Pass the Hat


Singer, pianist, accordion pumper, harmonica blower, and songwriter Steven Evans Willis often had to pass the hat to make ends meet during his early days of playing rock ‘n’ roll and country music in Arizona bars along Route 66/Interstate 40. On the self-penned title track of his fifth CD, however, the 59-year-old musician, now based in Oakland, California, tells his woman, “I’m gonna keep my cash, gonna let you pass the hat,” while holding the door for her as she walks out. He supports his impassioned wails with solid blues piano in the old-time tradition of Big Maceo Merriweather. Elvin Bishop answers with acerbic guitar obligatos and a stinging solo. Willis has been a member of Bishop’s band for the past 11 years, following stints with the Oakland Interfaith Gospel Choir and legendary New Orleans funk drummer Zigaboo Modeliste. Bishop is featured on three tracks of Pass the Hat, and his band’s superb second guitarist, Bob Welsh, plays on five more. Also from the Bishop band are drummer Bobby Cochran, upright bassist Ruth Davies, and trombonist Ed Earley. The only players not associated with Bishop are saxophonist Nancy Wright and guitarist Steve Gannon. Gannon, an Englishman long based in Oakland, is featured on the slow blues “Cancer.” “It seems like half the people I know have cancer or are dying from it or died from it,”Willis says of his reason for writing the slow, mournful blues song. Gannon himself is currently battling lung cancer. Willis’ compositions, as well as the three non-originals on Pass the Hat, reflect his amazing command of many of the main strains of American roots music, including blues, country, rock ‘n’ roll, and gospel. The blues “Black Widow” showcases his New Orleans rumba-boogie piano playing, as does his clever reshaping of the spiritual “John the Revelator” as “John the Regulator.” He recalls his formative years in Flagstaff, Arizona – where a Monday night blues jam session he launched in 1983 at Charley’s Pub & Grill continues 19 years after he relocated to Oakland – with the bouncing “I-40.” His ballad “Black Hills Gold” is especially heartfelt, as is his soulful reading of the oft-recorded “Release Me.” With his Louisiana-style piano underpinning, Willis gives the tune a refreshing swamp-pop treatment quite unlike earlier hit versions by Ray Price, Esther Phillips, and Engelbert Humperdinck. He salutes Clarence “Gatemouth” Brown with the peg-leg shuffling (as Bobby Cochran calls the beat Willis plays on snare drum) “Boogie Rambler.” Willis got the idea to do the Johnny Cash classic “Ring of Fire” as an instrumental in order to accompany a short story about forest-firefighters (”Pyromaniac”) written by his wife, Ann Cummins. Although wonderfully eclectic, Willis’ take on American music is firmly grounded in the blues, of which he says, “It was the thing that made the most sense out of anything I heard.” --Lee Hildebrand (contributor to the San Francisco Chronicle and Living Blues)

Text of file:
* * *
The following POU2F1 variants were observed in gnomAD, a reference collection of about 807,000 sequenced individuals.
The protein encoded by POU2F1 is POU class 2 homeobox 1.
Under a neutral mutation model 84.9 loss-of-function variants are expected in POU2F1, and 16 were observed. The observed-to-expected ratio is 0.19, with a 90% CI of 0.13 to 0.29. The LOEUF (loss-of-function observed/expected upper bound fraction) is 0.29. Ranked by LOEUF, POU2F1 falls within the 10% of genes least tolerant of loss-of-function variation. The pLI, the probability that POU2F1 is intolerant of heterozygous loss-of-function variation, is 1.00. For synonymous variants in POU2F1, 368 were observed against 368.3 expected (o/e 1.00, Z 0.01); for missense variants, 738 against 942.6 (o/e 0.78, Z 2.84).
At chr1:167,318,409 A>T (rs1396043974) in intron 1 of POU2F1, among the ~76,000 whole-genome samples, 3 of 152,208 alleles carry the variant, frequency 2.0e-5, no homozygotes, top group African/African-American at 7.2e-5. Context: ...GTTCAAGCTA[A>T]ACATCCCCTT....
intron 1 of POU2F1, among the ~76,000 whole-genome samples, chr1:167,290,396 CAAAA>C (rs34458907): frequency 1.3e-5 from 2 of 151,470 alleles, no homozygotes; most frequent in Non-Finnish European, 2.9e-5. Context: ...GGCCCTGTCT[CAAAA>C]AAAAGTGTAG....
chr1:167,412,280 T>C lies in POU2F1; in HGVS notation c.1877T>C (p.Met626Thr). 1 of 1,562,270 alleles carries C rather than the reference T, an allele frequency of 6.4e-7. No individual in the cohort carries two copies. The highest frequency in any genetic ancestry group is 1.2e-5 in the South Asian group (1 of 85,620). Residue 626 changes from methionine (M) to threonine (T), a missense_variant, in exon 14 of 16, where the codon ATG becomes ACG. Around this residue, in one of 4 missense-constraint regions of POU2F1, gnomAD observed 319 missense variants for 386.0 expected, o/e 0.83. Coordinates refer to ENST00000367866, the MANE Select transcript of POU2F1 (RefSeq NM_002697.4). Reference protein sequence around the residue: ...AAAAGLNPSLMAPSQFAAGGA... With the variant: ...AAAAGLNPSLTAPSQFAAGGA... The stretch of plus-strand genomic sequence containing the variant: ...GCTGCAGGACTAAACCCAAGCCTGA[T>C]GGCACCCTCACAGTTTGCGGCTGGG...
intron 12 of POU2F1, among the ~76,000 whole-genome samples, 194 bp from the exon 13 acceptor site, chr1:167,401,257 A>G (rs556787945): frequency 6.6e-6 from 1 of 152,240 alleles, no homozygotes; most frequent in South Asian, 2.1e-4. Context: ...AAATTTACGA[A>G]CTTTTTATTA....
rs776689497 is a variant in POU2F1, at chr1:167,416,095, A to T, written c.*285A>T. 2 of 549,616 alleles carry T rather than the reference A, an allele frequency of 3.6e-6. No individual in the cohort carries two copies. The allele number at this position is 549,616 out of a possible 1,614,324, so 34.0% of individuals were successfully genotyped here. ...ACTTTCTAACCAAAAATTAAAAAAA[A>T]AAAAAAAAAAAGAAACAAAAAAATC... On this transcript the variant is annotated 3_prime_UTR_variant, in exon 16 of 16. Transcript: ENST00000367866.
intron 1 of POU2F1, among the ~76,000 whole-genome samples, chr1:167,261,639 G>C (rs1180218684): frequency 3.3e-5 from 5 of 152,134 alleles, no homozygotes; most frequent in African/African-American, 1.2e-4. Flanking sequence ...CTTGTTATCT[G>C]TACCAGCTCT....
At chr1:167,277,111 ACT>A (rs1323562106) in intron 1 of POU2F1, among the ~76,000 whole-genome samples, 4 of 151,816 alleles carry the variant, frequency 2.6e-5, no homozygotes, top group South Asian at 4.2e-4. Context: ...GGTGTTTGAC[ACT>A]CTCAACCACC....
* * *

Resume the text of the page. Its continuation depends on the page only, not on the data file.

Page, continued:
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    I-40 4:01